Need your brew day shortened more yet? Read a bit about no-chill brewing. My last brew session had my wort in the fermenter and the tools put away about 2 1/2 hours from the time I got the tools out. I then waited 4 hours for the wort to cool before I pitched the yeast but I didn't have to watch anything for that period, in fact I just walked away and checked a couple times for temperature.

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Old 03-30-2014, 09:45 PM   #5
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RM MN - Thank you for the great post. My efficiency is about 72%, which isn't terrible, but isn't all that good either. This is with a crush from my LHBS. I iodine test the wort without getting any grain to test for conversion. But, your discussion of testing the grain itself to see what is going on is very insightful. I'll be testing next time to see whether or not there is still unconverted starch in the grain, as opposed to unconverted starch in the wort.

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Old 03-30-2014, 11:42 PM   #6
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Thanks for your insight, RM-MN. My mash efficiency is fine, I routinely get 80%. I am not concerned about my crush or tun filtration, just the time that the steps are taking. I also added a plate chiller and cut 30min off chilling time compared to my IC. Maybe I just want to have my cake and eat it too. I might just have to come to terms with the length of my brew day with the rig I brew on.

I suspect my issues are tied to the specifics of my system, in which case I will have to optimize that on my own. Are there any downsides to recirculating the entire mash besides the risk of unwanted temperature fluctuations?

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Old 03-31-2014, 12:04 AM   #7
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I dont' see any reason for a 90 minute mash, unless you are using a ton of adjuncts and/or mashing in the mid 140s so you need the extra time.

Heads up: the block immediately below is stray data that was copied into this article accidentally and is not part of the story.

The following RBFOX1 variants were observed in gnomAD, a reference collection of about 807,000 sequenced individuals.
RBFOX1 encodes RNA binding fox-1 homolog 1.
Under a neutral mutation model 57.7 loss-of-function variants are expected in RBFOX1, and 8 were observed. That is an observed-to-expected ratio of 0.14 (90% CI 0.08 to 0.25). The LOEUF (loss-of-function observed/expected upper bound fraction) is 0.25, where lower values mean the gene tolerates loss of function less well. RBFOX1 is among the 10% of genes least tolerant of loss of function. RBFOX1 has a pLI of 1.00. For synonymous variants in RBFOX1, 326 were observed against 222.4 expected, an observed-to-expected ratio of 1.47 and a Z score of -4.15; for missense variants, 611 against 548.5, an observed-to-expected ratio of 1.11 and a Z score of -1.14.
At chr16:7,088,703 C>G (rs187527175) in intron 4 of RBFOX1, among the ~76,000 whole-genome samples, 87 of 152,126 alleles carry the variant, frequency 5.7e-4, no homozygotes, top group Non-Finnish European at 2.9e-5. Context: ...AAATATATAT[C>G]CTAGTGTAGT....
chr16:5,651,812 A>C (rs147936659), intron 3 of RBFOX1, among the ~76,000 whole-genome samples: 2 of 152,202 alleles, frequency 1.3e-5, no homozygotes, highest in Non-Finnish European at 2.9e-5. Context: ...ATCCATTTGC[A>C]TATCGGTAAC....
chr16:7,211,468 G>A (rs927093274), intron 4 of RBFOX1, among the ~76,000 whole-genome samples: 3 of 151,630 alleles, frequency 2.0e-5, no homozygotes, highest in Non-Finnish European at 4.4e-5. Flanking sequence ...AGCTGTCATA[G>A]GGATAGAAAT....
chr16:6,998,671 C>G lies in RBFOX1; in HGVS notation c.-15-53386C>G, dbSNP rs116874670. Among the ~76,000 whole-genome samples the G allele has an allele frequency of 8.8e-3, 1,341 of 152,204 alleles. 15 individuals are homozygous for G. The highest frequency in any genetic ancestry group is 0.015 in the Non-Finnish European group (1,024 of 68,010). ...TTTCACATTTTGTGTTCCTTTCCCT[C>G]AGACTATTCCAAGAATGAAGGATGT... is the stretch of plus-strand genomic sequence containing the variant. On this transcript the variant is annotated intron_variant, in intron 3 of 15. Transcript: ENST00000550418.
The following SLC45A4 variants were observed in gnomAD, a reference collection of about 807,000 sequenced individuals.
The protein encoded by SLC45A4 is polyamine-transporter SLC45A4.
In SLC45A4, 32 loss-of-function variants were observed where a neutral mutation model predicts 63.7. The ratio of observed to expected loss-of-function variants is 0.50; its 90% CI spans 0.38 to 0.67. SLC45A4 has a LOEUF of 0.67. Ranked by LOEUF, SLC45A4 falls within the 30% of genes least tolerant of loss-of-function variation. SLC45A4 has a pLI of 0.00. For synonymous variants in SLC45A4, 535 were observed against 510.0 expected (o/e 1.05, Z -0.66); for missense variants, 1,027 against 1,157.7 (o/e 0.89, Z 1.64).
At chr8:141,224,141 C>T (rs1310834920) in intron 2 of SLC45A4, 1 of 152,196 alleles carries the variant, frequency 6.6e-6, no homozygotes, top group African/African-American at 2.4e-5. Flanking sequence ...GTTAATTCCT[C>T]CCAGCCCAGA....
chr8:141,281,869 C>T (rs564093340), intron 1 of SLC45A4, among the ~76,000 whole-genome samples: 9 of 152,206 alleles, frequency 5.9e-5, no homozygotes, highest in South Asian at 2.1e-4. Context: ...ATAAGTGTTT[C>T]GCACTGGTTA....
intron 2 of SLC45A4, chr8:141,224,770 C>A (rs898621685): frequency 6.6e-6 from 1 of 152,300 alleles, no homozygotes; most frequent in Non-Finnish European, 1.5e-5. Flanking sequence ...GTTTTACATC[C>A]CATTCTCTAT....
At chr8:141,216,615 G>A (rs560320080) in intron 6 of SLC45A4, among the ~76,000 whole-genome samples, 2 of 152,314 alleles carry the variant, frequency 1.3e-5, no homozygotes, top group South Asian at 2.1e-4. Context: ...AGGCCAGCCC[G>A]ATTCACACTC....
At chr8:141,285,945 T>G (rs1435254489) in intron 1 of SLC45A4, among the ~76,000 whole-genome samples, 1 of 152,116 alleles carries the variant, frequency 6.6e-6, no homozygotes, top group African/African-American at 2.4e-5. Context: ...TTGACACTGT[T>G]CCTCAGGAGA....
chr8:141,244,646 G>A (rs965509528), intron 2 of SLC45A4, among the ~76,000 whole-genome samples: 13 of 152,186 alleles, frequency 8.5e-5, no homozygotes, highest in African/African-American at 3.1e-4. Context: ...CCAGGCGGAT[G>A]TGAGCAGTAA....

I generally do a mash out- mashing for 60 minutes, then raising up to mash out temps in 10 minutes or so- because it's super easy with my HERMS to do that. I recirculate during the mash but it's not necessary really. It just helps me hold temperatures. Then I sparge over about 40 minutes. Sometimes I batch sparge, if I'm in a hurry, and that takes about 5 minutes or so.

If you think your process is too time-consuming for you, then you could definitely cut down on the mashing time, and possibly the sparging time depending on how fast you currently sparge.

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Old 03-31-2014, 02:42 AM   #8
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Quote:
Originally Posted by Yooper View Post
I dont' see any reason for a 90 minute mash, unless you are using a ton of adjuncts and/or mashing in the mid 140s so you need the extra time.

I generally do a mash out- mashing for 60 minutes, then raising up to mash out temps in 10 minutes or so- because it's super easy with my HERMS to do that. I recirculate during the mash but it's not necessary really. It just helps me hold temperatures. Then I sparge over about 40 minutes. Sometimes I batch sparge, if I'm in a hurry, and that takes about 5 minutes or so.

If you think your process is too time-consuming for you, then you could definitely cut down on the mashing time, and possibly the sparging time depending on how fast you currently sparge.
Your sparge is 40min because you are fly sparging right? My batch sparge takes far longer than 5 minutes with stirring and resetting the grain bed. I am getting the picture that a 90min mash is just unnecessary.
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Old 03-31-2014, 12:23 PM   #9
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Quote:
Originally Posted by ColoHox View Post
Your sparge is 40min because you are fly sparging right? My batch sparge takes far longer than 5 minutes with stirring and resetting the grain bed. I am getting the picture that a 90min mash is just unnecessary.
Resetting the grain bed isn't necessary with a batch sparge. Stir the sparge water in, stir some more, and give it another stir- a quick vorlauf and pump to the boil kettle. Really, about 5 minutes.

I go back and forth, sometimes batch sparging and sometimes continuous sparging. My system favors continuous sparging (sometimes I get a stuck sparge when I batch sparge, due to the gap around my false bottom), but I still prefer batch sparging for the time savings.
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Old 03-31-2014, 12:41 PM   #10
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Quote:
Originally Posted by RM-MN View Post
"...have a Corona style mill and I set it so tight that the plates rub pretty hard when there is no grain in there to cushion..."
Pardon the newbie ignorance, but I thought too fine a grind was bad for tannin extraction, or is it only a matter of proper pH?